Royal Dutch Shell Group .com Rotating Header Image

Irish Times: Corrib battle needs political leadership

Corrib battle needs political leadership
John McManus
Irish Times; May 08, 2006

var html = getInAdHTML(“box”,FTSite,FTSection,FTPage,FTIndustry); document.write(html);

if (showAd == 1) { var o = DOMGetElement(“artAd”); if (o) { DOMElementShow(o); } } else { var o = DOMGetElement(“artImg”); if (o) { DOMElementShow(o); } }

Business Opinion : It's pretty clear from the report that the pipeline proposed by Shell was safe. So what went wrong?

Events have once again conspired in a most annoying way to prove the Taoiseach right. Two weeks ago he told the Institute of Engineers that nuclear power was a dead duck as far Ireland was concerned, not because it is inherently unsafe, but simply because the Irish people could not be convinced otherwise.

Fast forward to last week and the publication of the independent review of the controversial Corrib pipeline. Noel Dempsey, the minister behind this particular circus was gracious enough to acknowledge the main finding of the report, which was that “proper consideration was given to safety issues in the selection process for the preferred design option and locations of the landfall, pipeline route and terminal”.

This translates as saying that the pipeline as originally proposed by Shell is safe when judged by the same yardstick used to assess the thousands of kilometres of gas pipelines that crisscross Ireland and other countries.

Amongst the consultants other findings were that conservative assumptions were used in the engineering design. They also dismissed the suggestion that the Corrib field gas is somehow unique and possesses unique engineering challenges.

Equally, concerns about dangers of building a pipeline through peat were shown to have been adequately addressed in the original design.

The report has basically upheld what Shell were saying when the controversy over the safety of the pipeline first surfaced. Which, of course, despite Shell's mixed record, is not surprising. What is surprising is why anybody, including Dempsey, thought a massive international oil company like Shell would put a multimillion dollar project at risk by building a pipeline on the cheap in the wrong place.

Luckily enough, Dempsey's independent consultants have provided him with a fig leaf of sorts. Namely a conclusion to the effect that if the recommendations of the report are carried out then the pipeline will be constructed to an appropriate standard and will be fit for purpose.

There is an implication in this statement that some serious flaws might exist, but when you look for what these recommendations might be, only one of them appears to be of any substance. It is that steps should be taken to ensure that the pressure in the pipeline does not exceed 144 bar.

But, read the report in a bit more detail and your see that intended normal pressure in the pipeline is in the range of 100-120 bar, although it is designed to withstand pressures of 345 bar if necessary. The consultants also note that “the unusually high design pressure resulted from a cautious approach to the pipeline design such that the pipeline is designed to withstand the highest pressure it could possibly experience, despite the higher cost of pipeline construction”. Notwithstanding that, the risks associated with operating the pipeline at 345 bar, should Shell ever need to do so, are within acceptable limits.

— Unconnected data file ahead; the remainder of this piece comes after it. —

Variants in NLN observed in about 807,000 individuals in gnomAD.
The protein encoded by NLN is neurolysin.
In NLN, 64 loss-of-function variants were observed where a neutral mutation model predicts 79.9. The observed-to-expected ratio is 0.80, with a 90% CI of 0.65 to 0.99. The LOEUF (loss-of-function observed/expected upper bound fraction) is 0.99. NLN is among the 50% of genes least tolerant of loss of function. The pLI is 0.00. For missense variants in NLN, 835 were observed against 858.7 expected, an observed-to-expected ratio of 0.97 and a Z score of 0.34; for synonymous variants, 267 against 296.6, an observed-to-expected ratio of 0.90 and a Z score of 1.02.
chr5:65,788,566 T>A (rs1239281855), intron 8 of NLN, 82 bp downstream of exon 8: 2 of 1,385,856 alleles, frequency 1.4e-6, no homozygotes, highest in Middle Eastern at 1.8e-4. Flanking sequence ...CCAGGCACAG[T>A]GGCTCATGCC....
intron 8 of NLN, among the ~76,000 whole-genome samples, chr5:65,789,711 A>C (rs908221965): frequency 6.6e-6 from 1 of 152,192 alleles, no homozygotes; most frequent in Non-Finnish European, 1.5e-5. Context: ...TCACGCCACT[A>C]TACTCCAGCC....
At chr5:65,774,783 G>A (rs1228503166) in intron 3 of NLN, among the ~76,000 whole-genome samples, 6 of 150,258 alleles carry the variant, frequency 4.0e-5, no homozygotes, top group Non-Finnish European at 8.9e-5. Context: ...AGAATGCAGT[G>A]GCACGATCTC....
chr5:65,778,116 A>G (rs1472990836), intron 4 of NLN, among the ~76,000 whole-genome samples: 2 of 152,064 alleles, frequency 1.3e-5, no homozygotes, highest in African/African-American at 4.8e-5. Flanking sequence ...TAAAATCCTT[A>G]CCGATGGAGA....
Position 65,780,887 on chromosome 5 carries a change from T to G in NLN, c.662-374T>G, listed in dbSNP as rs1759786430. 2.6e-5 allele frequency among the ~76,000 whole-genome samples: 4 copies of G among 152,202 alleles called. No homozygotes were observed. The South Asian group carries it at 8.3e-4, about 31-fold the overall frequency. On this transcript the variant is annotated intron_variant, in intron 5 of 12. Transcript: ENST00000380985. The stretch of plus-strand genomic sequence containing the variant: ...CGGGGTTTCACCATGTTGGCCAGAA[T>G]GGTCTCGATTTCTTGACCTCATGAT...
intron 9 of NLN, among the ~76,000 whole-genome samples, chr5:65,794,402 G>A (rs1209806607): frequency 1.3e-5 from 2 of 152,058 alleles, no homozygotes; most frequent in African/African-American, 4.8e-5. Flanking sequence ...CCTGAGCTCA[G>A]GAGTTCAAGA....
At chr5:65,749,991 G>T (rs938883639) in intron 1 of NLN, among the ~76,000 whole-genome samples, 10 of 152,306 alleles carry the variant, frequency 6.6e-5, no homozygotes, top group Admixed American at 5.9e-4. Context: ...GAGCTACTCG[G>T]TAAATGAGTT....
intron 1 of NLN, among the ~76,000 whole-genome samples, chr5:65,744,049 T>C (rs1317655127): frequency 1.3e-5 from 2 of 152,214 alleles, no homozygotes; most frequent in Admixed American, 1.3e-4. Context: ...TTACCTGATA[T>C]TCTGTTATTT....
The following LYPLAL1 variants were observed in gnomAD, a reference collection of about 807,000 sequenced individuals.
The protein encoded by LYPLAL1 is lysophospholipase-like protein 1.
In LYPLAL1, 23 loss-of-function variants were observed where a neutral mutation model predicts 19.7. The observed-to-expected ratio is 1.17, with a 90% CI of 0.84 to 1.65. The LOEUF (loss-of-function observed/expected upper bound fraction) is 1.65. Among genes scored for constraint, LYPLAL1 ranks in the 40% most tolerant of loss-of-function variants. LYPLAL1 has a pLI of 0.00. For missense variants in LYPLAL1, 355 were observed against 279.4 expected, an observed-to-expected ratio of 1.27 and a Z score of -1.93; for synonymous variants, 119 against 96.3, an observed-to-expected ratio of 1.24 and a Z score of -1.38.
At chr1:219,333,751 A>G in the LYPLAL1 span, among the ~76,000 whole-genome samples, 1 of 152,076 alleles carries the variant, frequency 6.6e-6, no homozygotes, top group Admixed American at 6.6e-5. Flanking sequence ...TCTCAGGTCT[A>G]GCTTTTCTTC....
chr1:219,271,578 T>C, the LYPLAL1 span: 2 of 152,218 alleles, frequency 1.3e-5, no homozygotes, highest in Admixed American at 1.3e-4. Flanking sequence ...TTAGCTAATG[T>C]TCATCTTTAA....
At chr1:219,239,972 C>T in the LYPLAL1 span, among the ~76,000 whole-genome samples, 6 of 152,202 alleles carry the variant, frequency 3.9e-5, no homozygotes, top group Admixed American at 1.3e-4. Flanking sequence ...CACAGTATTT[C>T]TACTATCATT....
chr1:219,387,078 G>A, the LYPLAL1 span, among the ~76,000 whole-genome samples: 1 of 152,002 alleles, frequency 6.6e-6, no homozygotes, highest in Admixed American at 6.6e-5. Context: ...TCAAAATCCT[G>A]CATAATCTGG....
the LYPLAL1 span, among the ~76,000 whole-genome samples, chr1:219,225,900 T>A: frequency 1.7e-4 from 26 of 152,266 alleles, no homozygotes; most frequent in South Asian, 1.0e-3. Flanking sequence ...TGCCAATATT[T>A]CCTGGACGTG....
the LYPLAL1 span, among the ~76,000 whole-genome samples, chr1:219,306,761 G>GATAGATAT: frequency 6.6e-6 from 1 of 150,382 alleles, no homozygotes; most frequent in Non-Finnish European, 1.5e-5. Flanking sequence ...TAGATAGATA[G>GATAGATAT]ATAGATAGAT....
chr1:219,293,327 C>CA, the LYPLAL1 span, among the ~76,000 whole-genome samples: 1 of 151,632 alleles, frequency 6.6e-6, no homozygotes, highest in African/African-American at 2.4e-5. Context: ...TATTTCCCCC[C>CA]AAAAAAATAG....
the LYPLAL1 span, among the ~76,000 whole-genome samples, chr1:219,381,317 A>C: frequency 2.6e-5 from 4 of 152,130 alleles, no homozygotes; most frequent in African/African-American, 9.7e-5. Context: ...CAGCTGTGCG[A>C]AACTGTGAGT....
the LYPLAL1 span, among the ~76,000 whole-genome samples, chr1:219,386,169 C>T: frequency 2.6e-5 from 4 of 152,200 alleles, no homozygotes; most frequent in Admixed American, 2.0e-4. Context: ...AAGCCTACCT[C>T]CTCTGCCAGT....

It is an over simplification to say that what occurred in Rossport was the basic failure of Shell to get its position across in a credible fashion and the equally significant failure of those leading the protesters to listen.

It is clear from the reaction of the protesters to the report published this week that the report makes very little difference. Shell appear to have accepted this by indicating a willingness to look at re-routing the pipeline.

The issue is manifestly not about the safety of the pipeline and never really was. The simple fact is that the local people, or some local people, don't want it. You can speculate endlessly as to what the reason is, but presumably it is founded in a genuinely held sense of grievance, which has found its outlet in anger that a pipeline that will make Shell millions can be built through their land without any benefit to them.

Which all works to neatly underline the Taoiseach's rather fatalistic remarks to the Institute of Engineers about nuclear power. To paraphrase his comments on nuclear power: it is one thing to say the Corrib pipeline is safe, “but another to ever convince anybody”.

It is a pity that the Taoiseach did not stick around to hear the comments of some of the speakers who came after him. They included Luis Echavarri, the director general of the Organisation for Economic Cooperation and Development's nuclear energy agency.

He made the rather simple point that political leadership is what sells difficult decisions. “Public opinion is not an independent element. If public leaders say we don't need it, what do you think people are going to think?” he asked.

It's pretty clear now that what the Rossport stand-off needed, and still needs, is some political leadership and not a consultants report costing thousands that told us something that we knew already and makes no difference.

This website and sisters,,,, and, are owned by John Donovan. There is also a Wikipedia segment.

Comments are closed.